Archive for July, 2008

Hiatus Time

Heyyy internet.

So I’ve tried to put off the part of thesis writing where you totally panic and write like a maniac as long as I could, but that time is officially upon me. This means you won’t be seeing updates from me until the end of the summer.

Hopefully the next time I talk to you I will be plus one masters degree. Wish me luck!

Weekly Movies, June 30-July 6

  1. Tie Me Up! Tie Me Down! (Pedro Almodóvar, 1990): You know? This is, more and more, still not my favourite Almodóvar. There are parts of it I like, but the main story is still: boy likes girl, boy kidnaps girl, girl eventually validates his kidnapping attempt by falling in love with him (!). The thing is, yes, it exposes how lame most love stories that have this kind of plot are by making his actions the product of actual psychosis, so there’s that. It’s obviously meant to make the spectator question the heroine’s choice, but it still is the least fun for me to watch. However, it is important that there’s a whole meta-story where she’s an actress and they’re making a movie and the director of the movie-within-a-movie (whose name, “Maximo Espejo,” means something close to”Great Mirror” in Spanish) — and he says something about how hard it is to tell the difference between a love story and a horror story, which is obviously the point here. It always comes down this question about where the parody line ends and the glamourizing line starts, and that’s obviously going to be different to different viewers. I dunno. I don’t think it’s a resolvable question.
  2. Confessions of a Teenage Drama Queen (Sara Sugarman, 2004): This was…surprisingly good. I think it has been established that I will watch anything with Lindsay Lohan, so when this came on, I decided to watch it. It’s about a 15-year-old girl whose mom moves her from NYC (obviously Toronto) to a smallish town in New Jersey. Immortal voice-over line, paraphrased: “Your parents tell you to have hopes and dreams, and then they make you move to New Jersey.” The thing I loved about it is, it’s kind of a treatise in favour of self-invention. The heroine’s birth name is Mary, but she randomly changes it to Lola; her mom keeps calling her Mary though…until (spoiler!) the end of the movie, when she is starring in a modern reinvention of Pygmalion as Eliza Doolittle (another story about self-invention, of a sort), and her mom’s like “You are a Lola.”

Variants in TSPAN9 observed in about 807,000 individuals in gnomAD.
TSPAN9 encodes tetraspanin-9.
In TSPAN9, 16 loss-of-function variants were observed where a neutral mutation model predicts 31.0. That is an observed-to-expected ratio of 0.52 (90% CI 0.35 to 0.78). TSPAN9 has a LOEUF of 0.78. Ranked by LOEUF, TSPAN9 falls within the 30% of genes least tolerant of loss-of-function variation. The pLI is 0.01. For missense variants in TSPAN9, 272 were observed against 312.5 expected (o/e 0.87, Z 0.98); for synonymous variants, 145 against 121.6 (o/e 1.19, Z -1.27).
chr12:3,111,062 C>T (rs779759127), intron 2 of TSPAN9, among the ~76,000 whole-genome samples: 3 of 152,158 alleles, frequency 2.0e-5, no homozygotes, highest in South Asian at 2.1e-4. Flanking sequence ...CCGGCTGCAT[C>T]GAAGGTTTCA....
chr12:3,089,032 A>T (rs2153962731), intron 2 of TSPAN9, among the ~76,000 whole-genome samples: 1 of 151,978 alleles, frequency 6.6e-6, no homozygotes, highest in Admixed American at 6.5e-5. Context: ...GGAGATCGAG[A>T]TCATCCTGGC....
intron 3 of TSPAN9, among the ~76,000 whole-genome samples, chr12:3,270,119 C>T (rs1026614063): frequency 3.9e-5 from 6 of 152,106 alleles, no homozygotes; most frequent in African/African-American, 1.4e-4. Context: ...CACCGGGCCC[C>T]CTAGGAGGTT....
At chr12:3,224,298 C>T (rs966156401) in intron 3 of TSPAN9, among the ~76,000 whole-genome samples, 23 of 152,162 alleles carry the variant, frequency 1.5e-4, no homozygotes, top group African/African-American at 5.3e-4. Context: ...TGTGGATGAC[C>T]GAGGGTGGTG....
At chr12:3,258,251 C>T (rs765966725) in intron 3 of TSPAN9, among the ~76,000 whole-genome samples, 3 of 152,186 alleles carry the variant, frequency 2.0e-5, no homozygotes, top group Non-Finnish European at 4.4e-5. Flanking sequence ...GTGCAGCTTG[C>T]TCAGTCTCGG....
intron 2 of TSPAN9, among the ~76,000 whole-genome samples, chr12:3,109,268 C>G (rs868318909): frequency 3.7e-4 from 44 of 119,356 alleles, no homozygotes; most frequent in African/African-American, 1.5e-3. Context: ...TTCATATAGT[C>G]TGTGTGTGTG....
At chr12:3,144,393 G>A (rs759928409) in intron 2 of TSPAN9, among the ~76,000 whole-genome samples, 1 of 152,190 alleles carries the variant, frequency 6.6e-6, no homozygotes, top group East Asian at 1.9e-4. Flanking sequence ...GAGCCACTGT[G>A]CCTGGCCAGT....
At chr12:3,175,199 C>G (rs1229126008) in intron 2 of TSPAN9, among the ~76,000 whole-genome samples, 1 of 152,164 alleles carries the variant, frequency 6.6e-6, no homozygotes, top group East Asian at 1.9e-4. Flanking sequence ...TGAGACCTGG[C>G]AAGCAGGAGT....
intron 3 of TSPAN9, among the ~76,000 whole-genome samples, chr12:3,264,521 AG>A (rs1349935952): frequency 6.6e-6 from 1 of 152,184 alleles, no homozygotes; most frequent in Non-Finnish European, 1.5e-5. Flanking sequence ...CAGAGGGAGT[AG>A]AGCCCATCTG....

I love how Lindsay Lohan movies are already ironic in hindsight.
    Anyway, all her clothes in the movie are like these elaborate costumes. Like, she goes on a hunger strike when her mom won’t let her go to a rock concert, and she dresses as Gandhi. And she has this amazing mourning costume when her favourite band breaks up, with like, black balloons. The word for this is camp, and it is glorious. Better still, in the movie, she suffers basically no negative consequences for any of her actions: she does feel bad about telling her friend her father was dead to seem “more interesting,” but other than that, nothing! When she gets arrested and her dad has to come to the police station to get her out of trouble, he then lets her go to a loft party at a drunken rock star’s house. When she goes on a hunger strike, it works! She changes her name purely through the power of her own will! Lola’s awesome: she sees reality as negotiable.